VA official displayed painting of Ku Klux Klan grand wizard in office, said he liked it

A senior official at the Department of Veterans Affairs displayed a portrait of the first grand wizard of the Ku Klux Klan in his office in Washington, and only removed it after employees started a petition drive, according to The Washington Post.

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The executive director of the VA's Office of Small and Disadvantaged Business Utilization, David Thomas Sr., whose staff is mostly African-American, removed the painting on Monday, the Post reported, after employees signed petitions to hand over to VA Secretary Robert Wilkie.

The painting is a portrait of Nathan Bedford Forrest, a Confederate general and slave trader, who became the first leader of the KKK, the feared racist group formed after the Civil War, which intimidated and terrorized freed slaves to try and control them.

Thomas told a Washington Post reporter that he was unaware of Forrest's involvement with the hate group and that he liked the portrait, which shows Forrest astride a horse leaving a battlefield.

“It was just a beautiful print that I had purchased, and I thought it was very nice,” Thomas said.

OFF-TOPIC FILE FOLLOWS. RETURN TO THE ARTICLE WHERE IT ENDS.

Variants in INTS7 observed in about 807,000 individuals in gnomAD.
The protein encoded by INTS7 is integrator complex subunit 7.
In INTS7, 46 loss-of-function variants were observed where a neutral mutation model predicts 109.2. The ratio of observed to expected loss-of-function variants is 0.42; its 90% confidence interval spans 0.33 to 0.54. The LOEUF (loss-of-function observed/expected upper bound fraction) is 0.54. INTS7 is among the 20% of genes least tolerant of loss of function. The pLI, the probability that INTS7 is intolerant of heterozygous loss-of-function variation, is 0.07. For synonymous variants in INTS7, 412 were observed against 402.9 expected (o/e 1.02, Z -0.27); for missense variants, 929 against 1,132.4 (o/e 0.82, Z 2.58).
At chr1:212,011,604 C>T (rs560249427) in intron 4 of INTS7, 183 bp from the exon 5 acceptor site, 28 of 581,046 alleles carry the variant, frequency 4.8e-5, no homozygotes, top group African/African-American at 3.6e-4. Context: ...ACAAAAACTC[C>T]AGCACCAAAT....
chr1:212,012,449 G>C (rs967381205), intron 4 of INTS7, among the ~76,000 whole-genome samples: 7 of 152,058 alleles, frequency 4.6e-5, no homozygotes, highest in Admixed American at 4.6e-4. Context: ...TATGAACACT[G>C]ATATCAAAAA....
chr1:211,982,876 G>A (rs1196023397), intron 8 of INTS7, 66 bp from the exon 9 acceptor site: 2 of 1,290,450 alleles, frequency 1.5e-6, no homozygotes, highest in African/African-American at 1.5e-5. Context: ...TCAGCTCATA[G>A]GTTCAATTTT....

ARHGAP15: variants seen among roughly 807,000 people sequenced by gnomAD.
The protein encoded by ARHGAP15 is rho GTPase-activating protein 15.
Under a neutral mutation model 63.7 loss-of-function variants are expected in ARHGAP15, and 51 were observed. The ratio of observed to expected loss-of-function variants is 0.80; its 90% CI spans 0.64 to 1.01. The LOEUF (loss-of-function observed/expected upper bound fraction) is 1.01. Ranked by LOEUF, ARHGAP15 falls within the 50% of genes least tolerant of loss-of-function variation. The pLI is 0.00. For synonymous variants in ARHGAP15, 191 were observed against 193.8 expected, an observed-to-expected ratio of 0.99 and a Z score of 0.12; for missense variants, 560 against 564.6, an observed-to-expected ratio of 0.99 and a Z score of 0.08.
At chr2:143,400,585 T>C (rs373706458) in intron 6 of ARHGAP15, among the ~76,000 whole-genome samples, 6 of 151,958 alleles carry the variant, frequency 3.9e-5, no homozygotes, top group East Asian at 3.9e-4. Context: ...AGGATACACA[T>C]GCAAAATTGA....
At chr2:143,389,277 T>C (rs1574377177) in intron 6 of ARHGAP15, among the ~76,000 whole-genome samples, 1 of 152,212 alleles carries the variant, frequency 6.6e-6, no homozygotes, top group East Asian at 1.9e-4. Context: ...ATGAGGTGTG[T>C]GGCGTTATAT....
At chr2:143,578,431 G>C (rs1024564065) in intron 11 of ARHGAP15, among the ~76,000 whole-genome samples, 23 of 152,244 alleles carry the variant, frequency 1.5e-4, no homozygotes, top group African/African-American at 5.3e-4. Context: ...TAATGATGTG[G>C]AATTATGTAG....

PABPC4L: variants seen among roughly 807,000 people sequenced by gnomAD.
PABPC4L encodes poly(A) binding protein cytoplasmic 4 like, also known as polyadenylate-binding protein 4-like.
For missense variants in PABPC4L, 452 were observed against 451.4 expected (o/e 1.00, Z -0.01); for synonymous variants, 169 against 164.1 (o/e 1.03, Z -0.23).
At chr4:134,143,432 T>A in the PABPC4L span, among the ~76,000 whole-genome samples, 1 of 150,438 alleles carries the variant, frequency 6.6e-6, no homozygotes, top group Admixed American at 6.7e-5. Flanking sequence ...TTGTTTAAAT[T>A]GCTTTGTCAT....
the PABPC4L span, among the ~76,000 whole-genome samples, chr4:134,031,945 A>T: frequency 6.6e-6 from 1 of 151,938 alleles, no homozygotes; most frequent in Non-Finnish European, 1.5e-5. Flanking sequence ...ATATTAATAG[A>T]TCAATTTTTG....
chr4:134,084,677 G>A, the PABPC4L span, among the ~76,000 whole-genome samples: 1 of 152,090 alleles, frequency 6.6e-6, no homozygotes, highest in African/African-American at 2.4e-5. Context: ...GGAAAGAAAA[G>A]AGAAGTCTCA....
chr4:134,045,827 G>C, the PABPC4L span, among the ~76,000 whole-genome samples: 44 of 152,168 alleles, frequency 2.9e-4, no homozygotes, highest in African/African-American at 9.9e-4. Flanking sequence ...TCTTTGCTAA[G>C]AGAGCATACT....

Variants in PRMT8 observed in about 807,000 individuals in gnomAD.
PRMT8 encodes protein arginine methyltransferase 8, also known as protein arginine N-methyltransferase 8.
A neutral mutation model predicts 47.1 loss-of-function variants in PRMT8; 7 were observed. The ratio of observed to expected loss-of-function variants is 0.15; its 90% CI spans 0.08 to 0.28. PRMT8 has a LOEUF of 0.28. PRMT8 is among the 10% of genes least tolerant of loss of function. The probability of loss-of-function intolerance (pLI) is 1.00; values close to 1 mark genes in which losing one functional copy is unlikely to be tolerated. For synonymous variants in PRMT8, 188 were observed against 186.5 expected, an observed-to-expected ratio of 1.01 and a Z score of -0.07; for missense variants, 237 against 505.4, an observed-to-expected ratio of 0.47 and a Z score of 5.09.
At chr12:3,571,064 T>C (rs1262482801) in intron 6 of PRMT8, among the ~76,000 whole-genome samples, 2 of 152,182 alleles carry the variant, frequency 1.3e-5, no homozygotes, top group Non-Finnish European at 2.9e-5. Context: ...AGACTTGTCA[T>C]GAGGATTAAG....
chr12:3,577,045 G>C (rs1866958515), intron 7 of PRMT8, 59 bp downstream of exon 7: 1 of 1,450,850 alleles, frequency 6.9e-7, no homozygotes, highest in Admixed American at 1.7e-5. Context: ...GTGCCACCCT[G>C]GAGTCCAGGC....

He also said he only knew Forrest as a “Southern general in the Civil War” and had only recently hung the portrait when he changed offices.

Credit: Library of Congress/Via Wikicommons

Credit: Library of Congress/Via Wikicommons

Some employees told the Post they remember seeing the print in Thomas' office in 2013.

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Thomas, whose office oversees government contract certification for businesses owned by veterans, is not a political appointee, but a civil servant.

He said the print had been in his basement and that he had only recently hung it when he moved to a larger office at the VA’s administrative headquarters.

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